At 5-foot-8 and except for those long arms, he didn’t look like a future star at the collegiate level.
But that only made the events of one particular gym class a touch more memorable. Playing a pickup game with his buddies, a missed shot triggered some latent instinct.
“It came off the rim and I jumped, put it back in and touched the rim,” he said.
That day, a dunker was born.
Mitchell then did some growing and a lot more jumping before making his mark as one of the more athletic players in the SEC as a 6-foot-6 sophomore at Alabama.
Averaging 15.8 points a game, he became the first Crimson Tide player in three seasons to score 20-plus points in four straight games in Saturday’s win over Ole Miss. The streak will get a test at 8 p.m. Thursday at LSU (10-15, 2-8 SEC) followed by a 6 p.m. Saturday visit from Arkansas.
The follow slam that kicked off his dunking career has turned into a calling card for the instinctual player who is growing into his expanded role in his second season with the Tide. Along with leading scorer JaMychal Green (16 points per game), Mitchell is a big reason why Alabama (16-8, 8-2) has not been outscored in the paint this season and leads the SEC West by three games over Mississippi State.
They’ve also contributed to the increase in zone defenses the Tide’s faced in recent weeks in hopes to stem the inside production the two have accounted for.
That just plays into the new emphasis Mitchell’s placed on his game.
“He’s improved on his jump shot,” Green said. “He’s knocking down a lot of jumpers this year and it’s helping out because it’s opening up the lane for me.”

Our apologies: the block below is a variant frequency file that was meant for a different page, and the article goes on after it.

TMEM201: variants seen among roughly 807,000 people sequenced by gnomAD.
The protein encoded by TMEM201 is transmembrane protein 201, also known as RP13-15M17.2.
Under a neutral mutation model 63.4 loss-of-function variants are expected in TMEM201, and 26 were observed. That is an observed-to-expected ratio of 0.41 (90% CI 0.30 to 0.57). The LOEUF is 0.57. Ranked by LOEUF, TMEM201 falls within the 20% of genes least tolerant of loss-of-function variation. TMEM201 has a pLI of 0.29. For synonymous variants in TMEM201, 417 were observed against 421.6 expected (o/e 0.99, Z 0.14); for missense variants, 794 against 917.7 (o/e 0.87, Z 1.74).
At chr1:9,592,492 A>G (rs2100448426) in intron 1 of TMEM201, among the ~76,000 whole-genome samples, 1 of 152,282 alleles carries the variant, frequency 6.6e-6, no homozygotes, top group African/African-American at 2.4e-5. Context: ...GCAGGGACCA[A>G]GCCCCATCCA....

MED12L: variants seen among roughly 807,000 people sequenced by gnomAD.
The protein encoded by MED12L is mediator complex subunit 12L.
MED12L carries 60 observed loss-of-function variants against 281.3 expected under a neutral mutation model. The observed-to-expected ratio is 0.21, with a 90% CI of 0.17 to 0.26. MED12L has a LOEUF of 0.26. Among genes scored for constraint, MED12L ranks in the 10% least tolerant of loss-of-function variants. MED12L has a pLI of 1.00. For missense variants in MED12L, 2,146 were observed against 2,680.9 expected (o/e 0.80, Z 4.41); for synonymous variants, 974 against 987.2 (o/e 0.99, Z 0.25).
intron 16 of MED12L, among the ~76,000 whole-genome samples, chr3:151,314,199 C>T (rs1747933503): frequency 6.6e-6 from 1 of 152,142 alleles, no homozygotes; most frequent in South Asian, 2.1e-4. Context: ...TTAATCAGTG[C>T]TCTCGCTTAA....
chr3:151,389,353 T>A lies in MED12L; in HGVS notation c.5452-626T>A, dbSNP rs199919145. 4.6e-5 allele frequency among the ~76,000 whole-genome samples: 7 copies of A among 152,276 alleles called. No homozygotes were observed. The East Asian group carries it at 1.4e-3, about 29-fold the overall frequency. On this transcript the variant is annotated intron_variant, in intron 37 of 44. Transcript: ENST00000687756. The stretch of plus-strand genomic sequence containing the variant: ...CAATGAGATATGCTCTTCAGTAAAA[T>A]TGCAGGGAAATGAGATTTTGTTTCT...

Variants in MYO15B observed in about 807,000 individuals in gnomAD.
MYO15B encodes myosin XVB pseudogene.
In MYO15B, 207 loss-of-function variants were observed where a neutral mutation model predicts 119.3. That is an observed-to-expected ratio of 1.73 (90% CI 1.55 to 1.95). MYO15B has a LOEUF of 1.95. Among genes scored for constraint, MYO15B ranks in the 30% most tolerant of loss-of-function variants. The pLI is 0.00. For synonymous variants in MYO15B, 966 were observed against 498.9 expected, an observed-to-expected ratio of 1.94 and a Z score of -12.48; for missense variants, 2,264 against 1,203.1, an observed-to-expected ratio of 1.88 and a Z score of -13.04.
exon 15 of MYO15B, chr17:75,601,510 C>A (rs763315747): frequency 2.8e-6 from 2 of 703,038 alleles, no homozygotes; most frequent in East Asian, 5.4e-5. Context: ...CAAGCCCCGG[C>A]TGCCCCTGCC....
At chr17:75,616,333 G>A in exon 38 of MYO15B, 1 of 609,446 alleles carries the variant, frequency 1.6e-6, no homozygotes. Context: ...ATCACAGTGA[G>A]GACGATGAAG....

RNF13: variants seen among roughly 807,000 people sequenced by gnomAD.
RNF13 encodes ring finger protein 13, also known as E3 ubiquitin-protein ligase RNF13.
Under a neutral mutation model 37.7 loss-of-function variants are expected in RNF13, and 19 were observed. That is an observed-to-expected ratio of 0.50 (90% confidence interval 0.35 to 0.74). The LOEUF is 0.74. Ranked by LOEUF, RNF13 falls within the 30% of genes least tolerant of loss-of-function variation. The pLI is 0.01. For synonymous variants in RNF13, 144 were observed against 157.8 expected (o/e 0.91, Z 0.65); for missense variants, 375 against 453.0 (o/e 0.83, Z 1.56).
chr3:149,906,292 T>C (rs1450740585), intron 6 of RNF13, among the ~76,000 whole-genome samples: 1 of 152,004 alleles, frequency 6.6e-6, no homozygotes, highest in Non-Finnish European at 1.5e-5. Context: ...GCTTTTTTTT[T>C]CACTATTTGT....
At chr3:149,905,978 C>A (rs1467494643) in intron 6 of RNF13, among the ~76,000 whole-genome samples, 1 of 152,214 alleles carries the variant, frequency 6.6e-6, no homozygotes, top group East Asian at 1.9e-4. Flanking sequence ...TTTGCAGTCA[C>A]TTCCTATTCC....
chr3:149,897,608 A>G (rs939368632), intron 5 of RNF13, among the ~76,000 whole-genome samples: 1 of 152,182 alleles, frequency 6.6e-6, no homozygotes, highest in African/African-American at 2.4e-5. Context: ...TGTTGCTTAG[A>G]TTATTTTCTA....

Through 24 games, Mitchell’s connected on 17 of his 3-point attempts after making 15 all of last season.
But it’s still his jumping ability that draws the loudest cheers in Coleman Coliseum. Green didn’t hesitate when heaping praise on his teammate.
“He’s the most athletic guy in the SEC right now,” Green said. “He can jump with all of them out there.”
Mitchell factors largely into a statistical category that doesn’t appear on any NCAA publication, but is recorded by Alabama media relations. The Tide has 95 dunks this season to its opponents’ 18.
That isn’t a number that coach Anthony Grant said was topic of much discussion in practice or the meeting room.
The growth in Mitchell’s game isn’t lost on Grant, though.
“There’s a lot of talk about the scoring he’s had over the last four games,” Grant said. “But I think he’s rebounded the ball consistently for us. There have been times over the course of the year where he’s led us on occasions.”
He’s also tied for the team lead with Senario Hillman forcing 1.8 steals per game on Alabama’s defensive-minded team.
As a team member, Grant has a hard time identifying Mitchell’s personality saying only “Tony is Tony.”
Green took a stab at describing the different demeanors of his teammate.
“Tony, he’s a character,” Green said. “One minute he can be goofy and one minute he can be serious. You never know what you’re going to get out of Tony.”
As Grant pointed out, Mitchell didn’t exactly emerge from obscurity this season. He started 18 of 30 games and scored 9.2 points as a freshman after growing into his naturally long arms and rising into a coveted recruit in Swainsboro, Ga.
By his senior year at Central Park Christian, he was ranked among the top 40 high school players in the nation.
His busy schedule keeps him from getting back to Georgia too often, but when he does, there are plenty of friends ready to reunite.
A select few were there for Mitchell’s life-changing moment in gym class and the topic occasionally finds a way into conversation.
It was the first act in a career quickly being defined by one of the more explosive players in the SEC.
Michael Casagrande covers University of Alabama sports for The Star.